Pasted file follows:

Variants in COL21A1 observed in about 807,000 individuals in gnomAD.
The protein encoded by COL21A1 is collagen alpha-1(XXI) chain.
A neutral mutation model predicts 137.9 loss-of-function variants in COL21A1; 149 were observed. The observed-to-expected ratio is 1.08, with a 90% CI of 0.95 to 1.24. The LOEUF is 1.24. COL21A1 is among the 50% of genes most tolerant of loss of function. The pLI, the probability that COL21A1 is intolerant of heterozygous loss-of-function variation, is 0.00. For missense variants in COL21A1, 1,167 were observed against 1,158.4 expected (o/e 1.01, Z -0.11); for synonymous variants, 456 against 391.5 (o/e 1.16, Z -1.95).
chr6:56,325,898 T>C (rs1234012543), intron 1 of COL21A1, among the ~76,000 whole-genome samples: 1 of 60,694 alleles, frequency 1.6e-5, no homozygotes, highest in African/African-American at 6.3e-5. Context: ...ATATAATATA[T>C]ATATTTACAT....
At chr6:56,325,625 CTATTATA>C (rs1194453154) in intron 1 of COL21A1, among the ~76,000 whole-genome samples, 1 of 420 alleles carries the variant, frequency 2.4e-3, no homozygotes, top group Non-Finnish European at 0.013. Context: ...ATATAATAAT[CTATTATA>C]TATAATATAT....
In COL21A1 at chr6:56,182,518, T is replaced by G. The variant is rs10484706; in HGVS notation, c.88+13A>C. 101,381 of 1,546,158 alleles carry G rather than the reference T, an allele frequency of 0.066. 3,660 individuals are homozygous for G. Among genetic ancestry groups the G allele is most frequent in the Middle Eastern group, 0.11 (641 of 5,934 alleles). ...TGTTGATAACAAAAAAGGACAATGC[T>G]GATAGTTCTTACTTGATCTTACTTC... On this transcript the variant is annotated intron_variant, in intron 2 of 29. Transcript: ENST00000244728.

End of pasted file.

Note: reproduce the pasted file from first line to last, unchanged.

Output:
Variants in COL21A1 observed in about 807,000 individuals in gnomAD.
The protein encoded by COL21A1 is collagen alpha-1(XXI) chain.
A neutral mutation model predicts 137.9 loss-of-function variants in COL21A1; 149 were observed. The observed-to-expected ratio is 1.08, with a 90% CI of 0.95 to 1.24. The LOEUF is 1.24. COL21A1 is among the 50% of genes most tolerant of loss of function. The pLI, the probability that COL21A1 is intolerant of heterozygous loss-of-function variation, is 0.00. For missense variants in COL21A1, 1,167 were observed against 1,158.4 expected (o/e 1.01, Z -0.11); for synonymous variants, 456 against 391.5 (o/e 1.16, Z -1.95).
chr6:56,325,898 T>C (rs1234012543), intron 1 of COL21A1, among the ~76,000 whole-genome samples: 1 of 60,694 alleles, frequency 1.6e-5, no homozygotes, highest in African/African-American at 6.3e-5. Context: ...ATATAATATA[T>C]ATATTTACAT....
At chr6:56,325,625 CTATTATA>C (rs1194453154) in intron 1 of COL21A1, among the ~76,000 whole-genome samples, 1 of 420 alleles carries the variant, frequency 2.4e-3, no homozygotes, top group Non-Finnish European at 0.013. Context: ...ATATAATAAT[CTATTATA>C]TATAATATAT....
In COL21A1 at chr6:56,182,518, T is replaced by G. The variant is rs10484706; in HGVS notation, c.88+13A>C. 101,381 of 1,546,158 alleles carry G rather than the reference T, an allele frequency of 0.066. 3,660 individuals are homozygous for G. Among genetic ancestry groups the G allele is most frequent in the Middle Eastern group, 0.11 (641 of 5,934 alleles). ...TGTTGATAACAAAAAAGGACAATGC[T>G]GATAGTTCTTACTTGATCTTACTTC... On this transcript the variant is annotated intron_variant, in intron 2 of 29. Transcript: ENST00000244728.